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On Friday, Sept. 21, he was toasted and roasted in a prime-time NBC special called Comedy Salute to Michael Jordan, which was a benefit for Comic Relief and the Michael Jordan Foundation. The following day, in another nationally televised special, he was named to the U.S. Olympic team. That evening he hosted his annual gala in Chicago, which raised some $175,000 for the United Negro College Fund and other charities. On Monday, Jordan was in his native Wilmington, N.C., where a 7.1-mile strip of Interstate 40 was dedicated in his name. And the next afternoon he was at NBC Studios in New York City to begin preparations for hosting the season premiere of Saturday Night Live.
Jordan was visibly nervous as he began rehearsals, for SNL, but by Friday, the day before the show, he had calmed down considerably. His main concern, in fact, was keeping up with the televised golf action of the Ryder Cup. He was watching one match when there was a knock on his dressing room door. Al Franken, the grizzled veteran of the SNL crew, appeared with a basketball, a sweatsuit and a few pieces of paper.
"Uh, Mike," said Franken, "I told you I wouldn't ask you to autograph a lot of stuff, but...." Jordan looked up from the TV and asked, "But you want me to autograph a lot of stuff, right, Al?"
The writers had planned a sketch that called for Jordan to sink several shots—without missing—into a carnival net. But when the normally infallible Jordan missed one of five in dress rehearsal, the carnival sketch was cut.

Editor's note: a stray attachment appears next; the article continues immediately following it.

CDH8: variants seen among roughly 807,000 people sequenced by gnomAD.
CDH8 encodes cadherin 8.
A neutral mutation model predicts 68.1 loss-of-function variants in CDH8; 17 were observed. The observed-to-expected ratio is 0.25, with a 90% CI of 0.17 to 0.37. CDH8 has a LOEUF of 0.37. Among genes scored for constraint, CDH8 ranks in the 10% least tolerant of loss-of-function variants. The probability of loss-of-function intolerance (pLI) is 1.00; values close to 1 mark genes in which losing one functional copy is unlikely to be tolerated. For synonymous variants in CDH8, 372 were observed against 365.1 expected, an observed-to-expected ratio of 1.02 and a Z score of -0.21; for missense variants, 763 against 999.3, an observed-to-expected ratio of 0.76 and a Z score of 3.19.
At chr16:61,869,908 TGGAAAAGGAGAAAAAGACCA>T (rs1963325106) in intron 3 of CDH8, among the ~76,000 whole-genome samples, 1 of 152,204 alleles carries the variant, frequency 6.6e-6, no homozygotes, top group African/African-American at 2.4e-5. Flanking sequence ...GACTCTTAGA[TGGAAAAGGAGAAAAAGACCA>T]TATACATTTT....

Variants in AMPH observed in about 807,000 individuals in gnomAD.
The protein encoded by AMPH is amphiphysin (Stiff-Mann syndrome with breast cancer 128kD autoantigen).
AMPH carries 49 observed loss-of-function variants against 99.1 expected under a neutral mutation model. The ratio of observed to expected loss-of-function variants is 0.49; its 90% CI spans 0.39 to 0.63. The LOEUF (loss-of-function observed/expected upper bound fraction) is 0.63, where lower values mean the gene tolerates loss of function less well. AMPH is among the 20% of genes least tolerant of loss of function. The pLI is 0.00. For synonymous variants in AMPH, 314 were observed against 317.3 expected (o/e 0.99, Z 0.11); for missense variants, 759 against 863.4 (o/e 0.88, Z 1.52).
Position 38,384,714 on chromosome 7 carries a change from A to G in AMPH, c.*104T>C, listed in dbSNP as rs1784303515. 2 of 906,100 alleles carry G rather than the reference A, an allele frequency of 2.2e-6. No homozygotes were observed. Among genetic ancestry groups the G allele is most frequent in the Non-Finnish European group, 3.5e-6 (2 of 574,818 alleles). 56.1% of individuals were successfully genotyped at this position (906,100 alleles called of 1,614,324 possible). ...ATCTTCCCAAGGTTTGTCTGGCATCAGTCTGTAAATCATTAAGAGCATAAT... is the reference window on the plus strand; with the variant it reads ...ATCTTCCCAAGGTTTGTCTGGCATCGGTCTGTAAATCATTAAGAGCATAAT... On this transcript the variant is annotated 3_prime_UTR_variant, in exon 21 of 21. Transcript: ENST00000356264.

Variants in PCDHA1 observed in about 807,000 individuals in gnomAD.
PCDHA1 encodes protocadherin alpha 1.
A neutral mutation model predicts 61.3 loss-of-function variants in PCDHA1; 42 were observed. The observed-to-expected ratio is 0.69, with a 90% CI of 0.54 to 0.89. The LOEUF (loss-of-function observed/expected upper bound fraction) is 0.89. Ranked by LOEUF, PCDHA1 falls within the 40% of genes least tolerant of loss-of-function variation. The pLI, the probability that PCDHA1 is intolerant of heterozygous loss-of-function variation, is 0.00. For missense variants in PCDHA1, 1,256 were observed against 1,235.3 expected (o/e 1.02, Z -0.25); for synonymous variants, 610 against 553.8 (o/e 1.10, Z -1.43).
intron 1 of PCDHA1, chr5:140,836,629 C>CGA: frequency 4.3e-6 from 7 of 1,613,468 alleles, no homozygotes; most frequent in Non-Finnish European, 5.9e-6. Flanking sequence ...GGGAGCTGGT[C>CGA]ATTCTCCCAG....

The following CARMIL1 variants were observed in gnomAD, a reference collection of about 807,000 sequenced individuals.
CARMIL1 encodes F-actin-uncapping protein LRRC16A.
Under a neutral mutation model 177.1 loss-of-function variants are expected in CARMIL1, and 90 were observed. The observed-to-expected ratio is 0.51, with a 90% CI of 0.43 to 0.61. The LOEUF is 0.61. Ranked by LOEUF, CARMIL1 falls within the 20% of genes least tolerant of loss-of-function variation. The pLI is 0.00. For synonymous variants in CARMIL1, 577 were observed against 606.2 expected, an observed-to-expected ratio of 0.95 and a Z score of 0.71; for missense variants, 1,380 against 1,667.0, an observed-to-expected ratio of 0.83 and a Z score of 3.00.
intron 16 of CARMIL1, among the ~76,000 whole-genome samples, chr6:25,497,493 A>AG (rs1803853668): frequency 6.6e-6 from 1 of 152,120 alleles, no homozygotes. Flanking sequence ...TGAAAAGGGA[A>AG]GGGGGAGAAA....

Jordan's performance on the show was solid, but he should definitely keep his regular job. And he made several new friends among the cast members, guaranteeing severe ticket-distribution problems when the Bulls visit Madison Square Garden to play the Knicks during the season.
"What was it like having him host?" pondered Franken. "It was like having Babe Ruth host in 1927."
A Rocky Design
Nobody asked, but here's a new logo for Colorado
When the major league baseball owners decided in July to put a franchise in Denver, we applauded their choice. After all, Denver has a 105-year history of minor league baseball and becomes the first major league team in the Mountain time zone. When the franchise chose to call itself the Colorado Rockies, we could live with that, though we flinched at the association with the defunct NHL franchise of the same name.
When the Rockies announced that their primary color would be purple (for "purple mountain majesties"), we thought that was all right, although we weren't too crazy about their choice of black as a secondary color since the black jerseys of the Los Angeles Raiders and Kings have been adopted as uniforms for various gangs. When Colorado unveiled its cap with CR embroidered on it in black and silver, we kept silent, although a spokesman for Carbonic Reserve, a dry-ice company in San Antonio with a similar insignia, has said, "We think the Colorado people should acknowledge us somehow."